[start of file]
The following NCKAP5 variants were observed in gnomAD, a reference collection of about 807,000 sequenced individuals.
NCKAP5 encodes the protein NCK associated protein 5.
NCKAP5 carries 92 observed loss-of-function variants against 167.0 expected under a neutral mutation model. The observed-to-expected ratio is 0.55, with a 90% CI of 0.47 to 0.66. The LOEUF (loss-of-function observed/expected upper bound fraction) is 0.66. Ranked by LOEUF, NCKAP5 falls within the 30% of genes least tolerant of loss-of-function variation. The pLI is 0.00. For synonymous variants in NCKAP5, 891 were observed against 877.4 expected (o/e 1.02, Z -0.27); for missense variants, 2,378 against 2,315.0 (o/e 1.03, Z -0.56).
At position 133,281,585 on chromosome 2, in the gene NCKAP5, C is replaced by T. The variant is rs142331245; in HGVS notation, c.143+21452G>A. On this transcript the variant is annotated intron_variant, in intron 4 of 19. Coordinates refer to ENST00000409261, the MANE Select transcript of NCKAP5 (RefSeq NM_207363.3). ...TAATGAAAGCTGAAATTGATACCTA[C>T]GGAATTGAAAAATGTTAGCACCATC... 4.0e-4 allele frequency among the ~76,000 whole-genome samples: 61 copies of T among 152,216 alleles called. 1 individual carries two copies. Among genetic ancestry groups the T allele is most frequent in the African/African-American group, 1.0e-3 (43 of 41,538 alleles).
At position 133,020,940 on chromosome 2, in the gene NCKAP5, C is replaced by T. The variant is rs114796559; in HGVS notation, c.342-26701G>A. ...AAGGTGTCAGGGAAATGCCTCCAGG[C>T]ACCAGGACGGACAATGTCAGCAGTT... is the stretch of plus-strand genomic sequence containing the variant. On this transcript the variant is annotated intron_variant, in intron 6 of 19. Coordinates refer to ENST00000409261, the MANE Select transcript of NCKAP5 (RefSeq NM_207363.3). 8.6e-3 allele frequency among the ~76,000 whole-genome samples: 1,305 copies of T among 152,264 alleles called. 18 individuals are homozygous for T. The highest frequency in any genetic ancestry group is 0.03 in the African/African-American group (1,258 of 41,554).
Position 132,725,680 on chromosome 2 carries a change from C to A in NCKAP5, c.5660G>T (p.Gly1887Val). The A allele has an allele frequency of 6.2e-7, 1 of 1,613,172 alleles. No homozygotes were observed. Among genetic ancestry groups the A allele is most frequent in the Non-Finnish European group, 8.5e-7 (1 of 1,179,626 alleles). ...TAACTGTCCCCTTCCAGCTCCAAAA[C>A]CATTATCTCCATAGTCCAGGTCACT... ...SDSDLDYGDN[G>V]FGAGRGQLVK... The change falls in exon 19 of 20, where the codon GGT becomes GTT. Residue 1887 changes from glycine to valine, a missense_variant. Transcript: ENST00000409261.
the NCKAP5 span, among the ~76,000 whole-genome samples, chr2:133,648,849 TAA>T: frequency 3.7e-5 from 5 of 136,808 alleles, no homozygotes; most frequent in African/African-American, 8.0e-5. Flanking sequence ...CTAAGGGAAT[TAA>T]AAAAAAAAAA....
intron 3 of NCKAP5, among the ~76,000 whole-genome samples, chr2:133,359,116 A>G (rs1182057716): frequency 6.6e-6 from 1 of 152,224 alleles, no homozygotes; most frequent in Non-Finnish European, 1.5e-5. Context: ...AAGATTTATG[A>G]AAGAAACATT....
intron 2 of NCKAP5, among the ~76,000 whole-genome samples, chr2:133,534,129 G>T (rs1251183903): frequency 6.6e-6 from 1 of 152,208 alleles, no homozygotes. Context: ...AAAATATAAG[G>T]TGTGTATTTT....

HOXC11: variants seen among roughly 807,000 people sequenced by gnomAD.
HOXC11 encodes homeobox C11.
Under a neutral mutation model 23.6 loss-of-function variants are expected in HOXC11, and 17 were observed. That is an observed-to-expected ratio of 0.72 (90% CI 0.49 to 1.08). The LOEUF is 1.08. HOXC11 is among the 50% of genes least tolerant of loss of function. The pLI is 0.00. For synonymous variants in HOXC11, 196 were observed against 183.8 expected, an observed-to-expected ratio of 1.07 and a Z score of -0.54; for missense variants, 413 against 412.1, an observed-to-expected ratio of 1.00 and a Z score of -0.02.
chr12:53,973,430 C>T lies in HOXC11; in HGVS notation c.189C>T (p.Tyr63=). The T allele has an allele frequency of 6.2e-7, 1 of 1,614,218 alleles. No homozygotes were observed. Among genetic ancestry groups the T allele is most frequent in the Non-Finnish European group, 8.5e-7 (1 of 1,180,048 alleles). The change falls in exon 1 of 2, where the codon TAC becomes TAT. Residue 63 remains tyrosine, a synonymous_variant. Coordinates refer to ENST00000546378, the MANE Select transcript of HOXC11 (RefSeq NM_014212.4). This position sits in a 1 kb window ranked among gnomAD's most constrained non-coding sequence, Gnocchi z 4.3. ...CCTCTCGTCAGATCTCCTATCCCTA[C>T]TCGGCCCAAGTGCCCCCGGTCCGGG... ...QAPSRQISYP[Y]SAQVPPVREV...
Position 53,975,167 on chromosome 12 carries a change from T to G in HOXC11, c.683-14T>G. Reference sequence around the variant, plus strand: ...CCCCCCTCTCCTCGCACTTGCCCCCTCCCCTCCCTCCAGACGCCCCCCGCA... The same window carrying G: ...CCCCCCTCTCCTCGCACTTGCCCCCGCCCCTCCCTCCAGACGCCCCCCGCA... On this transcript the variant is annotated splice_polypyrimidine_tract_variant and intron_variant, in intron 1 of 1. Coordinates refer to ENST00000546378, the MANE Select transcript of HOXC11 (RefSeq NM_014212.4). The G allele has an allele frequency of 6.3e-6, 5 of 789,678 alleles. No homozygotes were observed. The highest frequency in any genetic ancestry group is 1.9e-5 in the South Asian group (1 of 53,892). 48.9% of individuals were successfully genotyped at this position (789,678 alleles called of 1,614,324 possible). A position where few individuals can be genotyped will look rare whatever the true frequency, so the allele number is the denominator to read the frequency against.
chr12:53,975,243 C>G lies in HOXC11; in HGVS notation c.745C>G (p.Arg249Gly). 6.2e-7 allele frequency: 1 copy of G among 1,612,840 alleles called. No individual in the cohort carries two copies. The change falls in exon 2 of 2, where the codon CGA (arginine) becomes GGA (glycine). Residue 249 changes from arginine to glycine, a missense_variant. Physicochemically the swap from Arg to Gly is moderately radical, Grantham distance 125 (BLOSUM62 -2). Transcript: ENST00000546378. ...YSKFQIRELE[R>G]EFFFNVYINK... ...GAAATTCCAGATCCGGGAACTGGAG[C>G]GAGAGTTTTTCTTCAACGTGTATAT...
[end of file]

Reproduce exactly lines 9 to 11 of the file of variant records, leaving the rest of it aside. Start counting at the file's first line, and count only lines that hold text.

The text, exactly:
intron 2 of NCKAP5, among the ~76,000 whole-genome samples, chr2:133,534,129 G>T (rs1251183903): frequency 6.6e-6 from 1 of 152,208 alleles, no homozygotes. Context: ...AAAATATAAG[G>T]TGTGTATTTT....

HOXC11: variants seen among roughly 807,000 people sequenced by gnomAD.
HOXC11 encodes homeobox C11.